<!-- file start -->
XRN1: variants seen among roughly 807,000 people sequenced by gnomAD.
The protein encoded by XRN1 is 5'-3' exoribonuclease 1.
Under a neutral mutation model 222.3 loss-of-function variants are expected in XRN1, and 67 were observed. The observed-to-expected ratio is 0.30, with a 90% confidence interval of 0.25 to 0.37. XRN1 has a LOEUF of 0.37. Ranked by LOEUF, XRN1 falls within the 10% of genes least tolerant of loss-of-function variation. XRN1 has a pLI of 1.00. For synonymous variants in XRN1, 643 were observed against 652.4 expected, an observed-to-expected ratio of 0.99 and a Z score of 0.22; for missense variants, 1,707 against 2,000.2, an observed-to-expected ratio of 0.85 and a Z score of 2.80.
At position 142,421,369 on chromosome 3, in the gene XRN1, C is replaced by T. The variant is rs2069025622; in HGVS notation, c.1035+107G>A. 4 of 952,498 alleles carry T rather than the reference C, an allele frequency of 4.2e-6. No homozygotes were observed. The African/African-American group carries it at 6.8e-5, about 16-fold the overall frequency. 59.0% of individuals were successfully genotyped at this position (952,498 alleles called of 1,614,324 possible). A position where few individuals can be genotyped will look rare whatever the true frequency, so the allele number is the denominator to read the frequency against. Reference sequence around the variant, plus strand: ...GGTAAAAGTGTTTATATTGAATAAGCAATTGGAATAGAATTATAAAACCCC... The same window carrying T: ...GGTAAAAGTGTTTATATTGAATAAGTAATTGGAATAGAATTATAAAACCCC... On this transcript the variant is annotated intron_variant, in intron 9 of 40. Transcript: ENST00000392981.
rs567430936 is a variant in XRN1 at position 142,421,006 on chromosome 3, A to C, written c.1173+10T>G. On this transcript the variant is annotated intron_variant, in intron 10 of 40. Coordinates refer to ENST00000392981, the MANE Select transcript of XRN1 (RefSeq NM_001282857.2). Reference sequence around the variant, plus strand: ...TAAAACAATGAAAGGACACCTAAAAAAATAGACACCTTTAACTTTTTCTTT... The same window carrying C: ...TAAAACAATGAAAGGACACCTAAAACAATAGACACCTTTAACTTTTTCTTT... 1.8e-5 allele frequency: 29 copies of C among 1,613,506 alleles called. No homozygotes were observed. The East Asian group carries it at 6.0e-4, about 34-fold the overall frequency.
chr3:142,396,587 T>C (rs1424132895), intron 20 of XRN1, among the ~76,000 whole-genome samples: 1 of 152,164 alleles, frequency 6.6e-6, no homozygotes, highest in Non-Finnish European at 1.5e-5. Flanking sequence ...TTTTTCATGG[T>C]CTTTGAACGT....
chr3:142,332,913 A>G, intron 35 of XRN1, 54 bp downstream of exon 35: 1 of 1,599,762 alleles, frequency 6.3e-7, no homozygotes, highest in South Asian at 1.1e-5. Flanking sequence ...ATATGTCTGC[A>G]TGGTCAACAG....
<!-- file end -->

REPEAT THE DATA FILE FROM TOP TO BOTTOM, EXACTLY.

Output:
XRN1: variants seen among roughly 807,000 people sequenced by gnomAD.
The protein encoded by XRN1 is 5'-3' exoribonuclease 1.
Under a neutral mutation model 222.3 loss-of-function variants are expected in XRN1, and 67 were observed. The observed-to-expected ratio is 0.30, with a 90% confidence interval of 0.25 to 0.37. XRN1 has a LOEUF of 0.37. Ranked by LOEUF, XRN1 falls within the 10% of genes least tolerant of loss-of-function variation. XRN1 has a pLI of 1.00. For synonymous variants in XRN1, 643 were observed against 652.4 expected, an observed-to-expected ratio of 0.99 and a Z score of 0.22; for missense variants, 1,707 against 2,000.2, an observed-to-expected ratio of 0.85 and a Z score of 2.80.
At position 142,421,369 on chromosome 3, in the gene XRN1, C is replaced by T. The variant is rs2069025622; in HGVS notation, c.1035+107G>A. 4 of 952,498 alleles carry T rather than the reference C, an allele frequency of 4.2e-6. No homozygotes were observed. The African/African-American group carries it at 6.8e-5, about 16-fold the overall frequency. 59.0% of individuals were successfully genotyped at this position (952,498 alleles called of 1,614,324 possible). A position where few individuals can be genotyped will look rare whatever the true frequency, so the allele number is the denominator to read the frequency against. Reference sequence around the variant, plus strand: ...GGTAAAAGTGTTTATATTGAATAAGCAATTGGAATAGAATTATAAAACCCC... The same window carrying T: ...GGTAAAAGTGTTTATATTGAATAAGTAATTGGAATAGAATTATAAAACCCC... On this transcript the variant is annotated intron_variant, in intron 9 of 40. Transcript: ENST00000392981.
rs567430936 is a variant in XRN1 at position 142,421,006 on chromosome 3, A to C, written c.1173+10T>G. On this transcript the variant is annotated intron_variant, in intron 10 of 40. Coordinates refer to ENST00000392981, the MANE Select transcript of XRN1 (RefSeq NM_001282857.2). Reference sequence around the variant, plus strand: ...TAAAACAATGAAAGGACACCTAAAAAAATAGACACCTTTAACTTTTTCTTT... The same window carrying C: ...TAAAACAATGAAAGGACACCTAAAACAATAGACACCTTTAACTTTTTCTTT... 1.8e-5 allele frequency: 29 copies of C among 1,613,506 alleles called. No homozygotes were observed. The East Asian group carries it at 6.0e-4, about 34-fold the overall frequency.
chr3:142,396,587 T>C (rs1424132895), intron 20 of XRN1, among the ~76,000 whole-genome samples: 1 of 152,164 alleles, frequency 6.6e-6, no homozygotes, highest in Non-Finnish European at 1.5e-5. Flanking sequence ...TTTTTCATGG[T>C]CTTTGAACGT....
chr3:142,332,913 A>G, intron 35 of XRN1, 54 bp downstream of exon 35: 1 of 1,599,762 alleles, frequency 6.3e-7, no homozygotes, highest in South Asian at 1.1e-5. Flanking sequence ...ATATGTCTGC[A>G]TGGTCAACAG....